Saturday, November 29, 2008


I have really struggled all week trying to write this post. I have started and stopped several times. How hard can it be to write a Thanksgiving post? Very, apparently.

The problem I have been having is this: When I think of the things for which I am grateful, my head is filled with an endless stream of things. These things run the gamut and I haven't been able to narrow them down to a few categories it would make sense to discuss together. Well, I could... but only at the expense of other things I feel are equally important. What to do?!

Years ago, I had a writing instructor who very cruelly would make her students practice stream-of-conscience writing exercises. I absolutely hated this because if you tell me to write, I can't. (Or perhaps, won' an unconscious, born-rebel kinda way.) However (and you will never, ever see me say this again), there are times this particular exercise can be helpful. For example, it could be helpful when trying to express a great many things for which one is grateful... Here goes... Please do try to keep up!

I am thankful I will see my kids again tomorrow and that they have had this week with their dad and his family. I am thankful they are maturing into fine young people who will soon be on their own, and that they are still at home. I am thankful I have been able to be at home with them. I am thankful we have a home and that we feel safe in it. I am thankful I have never known starvation, or the terror of waking to the sounds of bombs exploding nearby in the night. I am thankful I have never had to worry about being killed for having been born into the "wrong" tribe. I am thankful that my own life path has been down a route that does not predispose me to understanding the "rationalization" process that occurred in the minds of the terrorists who attacked Mumbai; and I am thankful to have not experienced the kind of carnage they left behind. I am thankful that all I had to do this week was paint and clean and try to make sense of it all. I am thankful to have had a break, and to have been able to re-group and come up with at least a few answers to "where do we go from here?"- at least on a familial basis. I am thankful that I have realized that the things I really want to give my kids for Christmas are experiences. I am thankful for second chances, and for depression-era grandparents who thought ahead for their family. I am thankful for the help I have recieved over the years, and for the opportunities I have had to "pay it forward." I am thankful for the ability to let my children become who they really are rather than trying to fit them in some predetermined slot. I am crazy thankful for my garden and all the wonder and joy it brings into my life. I am thankful my interests are infinite and for the knowledge I shall never run out of things to do. I am thankful for having some truly wonderful friends. I am thankful for the new friends I've discovered on the blogosphere. I am thankful for humor and the ability to find a few laughs in the myriad things that go wrong around me. I am thankful I do not become paranoid I may be the cause of those things going wrong. I am thankful my kids are smart-asses and not dumb-asses. I am thankful my country managed to put someone reasonable and thoughtful into the White House this time around. I am thankful for flannel sheets in winter. I am thankful for snow, and crisp fall days, and the first forsythia of spring. I am thankful I was able to see the Soviet Union while it still was, and that I can tell my kids stories about that trip. I am thankful for cameras. I am thankful my kids have stamps in their passports, and curious hearts. I am thankful I have a great relationship with my kids. I am thankful their dad and I have learned to get along. I am thankful their dad and I live 1100 miles apart. I am thankful for books, and the ability to read, and the ability to write. I am thankful for the times my thoughts come out the way they sounded in my head. I am thankful for the time Teak races gleefully around, like a puppy. I am thankful none of the appliances have crapped out yet. I am thankful that I can appreciate what I have, and what I don't have. And I am thankful for many, many more things...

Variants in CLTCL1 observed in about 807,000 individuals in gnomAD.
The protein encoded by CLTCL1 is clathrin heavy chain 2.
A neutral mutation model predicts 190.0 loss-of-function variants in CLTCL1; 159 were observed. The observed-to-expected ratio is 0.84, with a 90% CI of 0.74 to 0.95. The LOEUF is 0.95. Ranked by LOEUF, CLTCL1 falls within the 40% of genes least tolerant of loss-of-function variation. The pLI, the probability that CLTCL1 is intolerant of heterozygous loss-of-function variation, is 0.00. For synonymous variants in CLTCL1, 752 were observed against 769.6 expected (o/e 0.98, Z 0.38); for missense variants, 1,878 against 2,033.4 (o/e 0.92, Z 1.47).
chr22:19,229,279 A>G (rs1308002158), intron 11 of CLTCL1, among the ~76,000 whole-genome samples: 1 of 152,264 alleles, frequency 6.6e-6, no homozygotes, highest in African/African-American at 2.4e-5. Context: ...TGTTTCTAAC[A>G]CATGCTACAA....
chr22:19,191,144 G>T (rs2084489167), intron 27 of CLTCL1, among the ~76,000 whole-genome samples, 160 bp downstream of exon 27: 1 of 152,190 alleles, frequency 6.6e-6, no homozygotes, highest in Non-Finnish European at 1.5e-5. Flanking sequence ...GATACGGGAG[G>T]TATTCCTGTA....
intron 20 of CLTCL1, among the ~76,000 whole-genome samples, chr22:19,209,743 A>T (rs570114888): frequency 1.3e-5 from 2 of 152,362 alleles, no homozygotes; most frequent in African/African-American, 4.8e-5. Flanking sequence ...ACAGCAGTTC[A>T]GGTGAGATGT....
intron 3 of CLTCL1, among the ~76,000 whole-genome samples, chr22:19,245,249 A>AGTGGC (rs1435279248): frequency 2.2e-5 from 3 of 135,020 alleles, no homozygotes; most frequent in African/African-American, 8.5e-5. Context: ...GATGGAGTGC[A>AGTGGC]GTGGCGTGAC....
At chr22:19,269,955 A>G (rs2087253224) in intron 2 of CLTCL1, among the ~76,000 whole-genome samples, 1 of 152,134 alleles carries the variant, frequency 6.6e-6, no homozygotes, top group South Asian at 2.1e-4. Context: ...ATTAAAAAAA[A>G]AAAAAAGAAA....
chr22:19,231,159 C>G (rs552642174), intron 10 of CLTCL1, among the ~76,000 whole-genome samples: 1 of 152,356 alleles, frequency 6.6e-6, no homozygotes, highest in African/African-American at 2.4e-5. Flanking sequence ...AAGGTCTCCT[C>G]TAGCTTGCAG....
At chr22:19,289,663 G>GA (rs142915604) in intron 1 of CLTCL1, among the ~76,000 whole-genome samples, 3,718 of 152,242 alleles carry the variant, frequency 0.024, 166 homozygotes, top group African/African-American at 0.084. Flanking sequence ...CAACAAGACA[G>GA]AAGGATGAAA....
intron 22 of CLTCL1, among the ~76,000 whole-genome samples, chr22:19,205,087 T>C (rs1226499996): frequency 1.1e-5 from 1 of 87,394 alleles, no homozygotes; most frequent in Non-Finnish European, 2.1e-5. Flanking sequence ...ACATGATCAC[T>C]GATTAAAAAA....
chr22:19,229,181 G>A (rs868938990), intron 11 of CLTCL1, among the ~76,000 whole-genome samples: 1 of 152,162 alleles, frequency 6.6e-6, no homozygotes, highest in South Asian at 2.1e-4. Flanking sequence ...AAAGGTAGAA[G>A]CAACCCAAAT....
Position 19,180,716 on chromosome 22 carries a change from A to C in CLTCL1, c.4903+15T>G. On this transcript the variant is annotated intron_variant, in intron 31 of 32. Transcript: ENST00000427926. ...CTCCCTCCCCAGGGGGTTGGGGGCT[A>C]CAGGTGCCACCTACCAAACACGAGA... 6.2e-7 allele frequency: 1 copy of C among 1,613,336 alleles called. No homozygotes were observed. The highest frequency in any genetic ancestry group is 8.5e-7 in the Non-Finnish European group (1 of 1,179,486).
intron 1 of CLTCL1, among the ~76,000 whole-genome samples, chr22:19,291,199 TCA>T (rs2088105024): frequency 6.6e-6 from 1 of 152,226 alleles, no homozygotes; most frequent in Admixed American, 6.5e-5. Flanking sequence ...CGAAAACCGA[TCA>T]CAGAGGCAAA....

Friday, November 28, 2008

Sunroom Happenings

Wow, I can't believe it is almost time to go get the kids already. I have missed them. A lot! But I have also been very busy at home with the endless list of things that should have already been done. So there hasn't been much to post about this week. You didn't really want to hear about painting the living room, did you? I thought not.

So, just a quick post about the sunroom happenings then... The good news: the cherry tomatoes are delicious. The herbs are doing great. The celery is slow growing, but doing well enough that I can harvest a bit now and then. The potato plant has really taken off, although I think one of the stems is getting too long. The radishes seem to be doing well and I should be able to eat some soon. And the banana tree is doing it's thing, despite being wounded by an airsoft pellet passing through one leaf.